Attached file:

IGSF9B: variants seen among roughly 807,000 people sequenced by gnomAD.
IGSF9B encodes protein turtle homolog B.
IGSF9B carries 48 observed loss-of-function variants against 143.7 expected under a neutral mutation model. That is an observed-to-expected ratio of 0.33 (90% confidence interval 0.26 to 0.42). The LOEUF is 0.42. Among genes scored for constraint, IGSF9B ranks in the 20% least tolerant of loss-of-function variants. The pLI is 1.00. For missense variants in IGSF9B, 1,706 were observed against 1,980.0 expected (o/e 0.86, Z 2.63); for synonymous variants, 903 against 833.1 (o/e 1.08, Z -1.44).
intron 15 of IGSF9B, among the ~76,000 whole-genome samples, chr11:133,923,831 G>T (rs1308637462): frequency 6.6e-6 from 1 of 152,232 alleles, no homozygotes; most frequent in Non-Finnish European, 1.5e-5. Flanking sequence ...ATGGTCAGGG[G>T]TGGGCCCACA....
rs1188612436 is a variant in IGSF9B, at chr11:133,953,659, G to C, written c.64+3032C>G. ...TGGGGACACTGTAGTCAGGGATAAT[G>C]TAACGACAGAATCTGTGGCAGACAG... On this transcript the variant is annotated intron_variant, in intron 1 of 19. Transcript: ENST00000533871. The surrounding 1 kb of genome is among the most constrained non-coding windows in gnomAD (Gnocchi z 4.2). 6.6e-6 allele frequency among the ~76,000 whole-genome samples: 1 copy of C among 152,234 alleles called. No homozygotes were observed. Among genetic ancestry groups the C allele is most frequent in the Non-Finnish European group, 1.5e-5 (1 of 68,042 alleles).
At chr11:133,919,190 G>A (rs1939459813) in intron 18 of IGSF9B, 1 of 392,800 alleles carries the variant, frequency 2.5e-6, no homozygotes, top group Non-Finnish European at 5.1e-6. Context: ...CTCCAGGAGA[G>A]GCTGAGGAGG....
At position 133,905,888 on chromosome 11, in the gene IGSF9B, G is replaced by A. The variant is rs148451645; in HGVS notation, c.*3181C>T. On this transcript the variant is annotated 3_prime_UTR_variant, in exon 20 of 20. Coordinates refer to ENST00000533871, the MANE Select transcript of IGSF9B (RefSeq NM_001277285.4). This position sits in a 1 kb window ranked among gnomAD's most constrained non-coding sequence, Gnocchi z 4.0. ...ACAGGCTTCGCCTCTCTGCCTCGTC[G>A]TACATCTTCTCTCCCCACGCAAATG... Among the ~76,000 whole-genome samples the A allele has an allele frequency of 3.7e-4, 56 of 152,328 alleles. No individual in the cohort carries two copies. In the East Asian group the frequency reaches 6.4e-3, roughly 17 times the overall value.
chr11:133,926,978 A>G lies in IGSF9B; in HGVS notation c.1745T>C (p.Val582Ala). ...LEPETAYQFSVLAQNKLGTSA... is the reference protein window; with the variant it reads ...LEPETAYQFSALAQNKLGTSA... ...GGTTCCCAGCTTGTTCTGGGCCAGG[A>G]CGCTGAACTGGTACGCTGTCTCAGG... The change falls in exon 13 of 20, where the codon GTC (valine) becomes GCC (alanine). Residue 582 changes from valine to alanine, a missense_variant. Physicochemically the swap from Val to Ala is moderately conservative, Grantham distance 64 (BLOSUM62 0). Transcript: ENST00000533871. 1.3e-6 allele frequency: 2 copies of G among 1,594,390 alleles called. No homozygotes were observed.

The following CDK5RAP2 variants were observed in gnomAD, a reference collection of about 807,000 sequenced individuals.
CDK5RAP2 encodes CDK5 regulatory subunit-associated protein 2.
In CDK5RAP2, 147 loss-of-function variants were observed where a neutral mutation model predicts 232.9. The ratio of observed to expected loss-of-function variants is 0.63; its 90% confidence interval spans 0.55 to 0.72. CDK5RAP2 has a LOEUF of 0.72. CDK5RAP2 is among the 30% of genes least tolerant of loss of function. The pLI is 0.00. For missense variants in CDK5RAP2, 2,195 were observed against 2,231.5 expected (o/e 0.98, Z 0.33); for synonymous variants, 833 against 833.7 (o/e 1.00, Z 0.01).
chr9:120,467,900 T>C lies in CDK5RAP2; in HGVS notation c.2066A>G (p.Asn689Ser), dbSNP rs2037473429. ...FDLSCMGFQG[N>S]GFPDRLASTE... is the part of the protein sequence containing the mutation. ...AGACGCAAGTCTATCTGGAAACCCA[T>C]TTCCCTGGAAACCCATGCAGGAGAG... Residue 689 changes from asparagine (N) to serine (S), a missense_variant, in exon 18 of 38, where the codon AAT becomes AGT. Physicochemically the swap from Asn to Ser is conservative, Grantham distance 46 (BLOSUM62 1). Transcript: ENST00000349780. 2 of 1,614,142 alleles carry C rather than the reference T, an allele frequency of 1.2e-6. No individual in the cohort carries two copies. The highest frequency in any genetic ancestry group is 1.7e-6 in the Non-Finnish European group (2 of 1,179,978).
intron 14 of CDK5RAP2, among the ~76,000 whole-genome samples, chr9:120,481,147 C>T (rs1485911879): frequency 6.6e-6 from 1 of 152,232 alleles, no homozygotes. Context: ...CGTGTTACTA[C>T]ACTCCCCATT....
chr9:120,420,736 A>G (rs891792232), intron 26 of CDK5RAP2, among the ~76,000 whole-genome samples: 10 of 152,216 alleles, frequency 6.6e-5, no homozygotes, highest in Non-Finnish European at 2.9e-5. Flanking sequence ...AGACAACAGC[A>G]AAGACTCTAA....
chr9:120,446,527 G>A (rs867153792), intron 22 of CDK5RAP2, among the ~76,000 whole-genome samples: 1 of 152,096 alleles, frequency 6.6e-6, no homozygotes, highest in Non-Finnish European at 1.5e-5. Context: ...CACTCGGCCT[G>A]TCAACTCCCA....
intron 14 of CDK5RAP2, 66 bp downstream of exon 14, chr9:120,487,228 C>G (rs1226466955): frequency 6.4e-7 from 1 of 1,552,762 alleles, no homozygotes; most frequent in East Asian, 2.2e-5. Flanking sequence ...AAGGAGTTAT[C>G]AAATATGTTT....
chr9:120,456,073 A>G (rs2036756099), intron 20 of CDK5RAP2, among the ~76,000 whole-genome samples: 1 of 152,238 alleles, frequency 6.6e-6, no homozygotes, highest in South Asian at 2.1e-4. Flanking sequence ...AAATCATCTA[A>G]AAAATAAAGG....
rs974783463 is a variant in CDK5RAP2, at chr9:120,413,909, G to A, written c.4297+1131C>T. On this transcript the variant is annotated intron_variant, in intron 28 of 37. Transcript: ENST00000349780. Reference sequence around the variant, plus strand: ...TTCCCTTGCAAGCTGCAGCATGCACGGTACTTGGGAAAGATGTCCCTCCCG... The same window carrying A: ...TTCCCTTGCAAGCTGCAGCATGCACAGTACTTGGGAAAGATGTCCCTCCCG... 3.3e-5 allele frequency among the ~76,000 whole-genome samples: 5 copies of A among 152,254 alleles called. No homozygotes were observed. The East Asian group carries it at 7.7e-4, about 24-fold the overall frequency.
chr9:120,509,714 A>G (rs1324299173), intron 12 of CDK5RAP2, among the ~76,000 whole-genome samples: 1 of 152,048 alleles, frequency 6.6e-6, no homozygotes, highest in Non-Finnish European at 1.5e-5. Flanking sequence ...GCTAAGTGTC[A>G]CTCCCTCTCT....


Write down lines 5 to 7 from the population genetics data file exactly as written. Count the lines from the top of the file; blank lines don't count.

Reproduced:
rs1188612436 is a variant in IGSF9B, at chr11:133,953,659, G to C, written c.64+3032C>G. ...TGGGGACACTGTAGTCAGGGATAAT[G>C]TAACGACAGAATCTGTGGCAGACAG... On this transcript the variant is annotated intron_variant, in intron 1 of 19. Transcript: ENST00000533871. The surrounding 1 kb of genome is among the most constrained non-coding windows in gnomAD (Gnocchi z 4.2). 6.6e-6 allele frequency among the ~76,000 whole-genome samples: 1 copy of C among 152,234 alleles called. No homozygotes were observed. Among genetic ancestry groups the C allele is most frequent in the Non-Finnish European group, 1.5e-5 (1 of 68,042 alleles).
At chr11:133,919,190 G>A (rs1939459813) in intron 18 of IGSF9B, 1 of 392,800 alleles carries the variant, frequency 2.5e-6, no homozygotes, top group Non-Finnish European at 5.1e-6. Context: ...CTCCAGGAGA[G>A]GCTGAGGAGG....
At position 133,905,888 on chromosome 11, in the gene IGSF9B, G is replaced by A. The variant is rs148451645; in HGVS notation, c.*3181C>T. On this transcript the variant is annotated 3_prime_UTR_variant, in exon 20 of 20. Coordinates refer to ENST00000533871, the MANE Select transcript of IGSF9B (RefSeq NM_001277285.4). This position sits in a 1 kb window ranked among gnomAD's most constrained non-coding sequence, Gnocchi z 4.0. ...ACAGGCTTCGCCTCTCTGCCTCGTC[G>A]TACATCTTCTCTCCCCACGCAAATG... Among the ~76,000 whole-genome samples the A allele has an allele frequency of 3.7e-4, 56 of 152,328 alleles. No individual in the cohort carries two copies. In the East Asian group the frequency reaches 6.4e-3, roughly 17 times the overall value.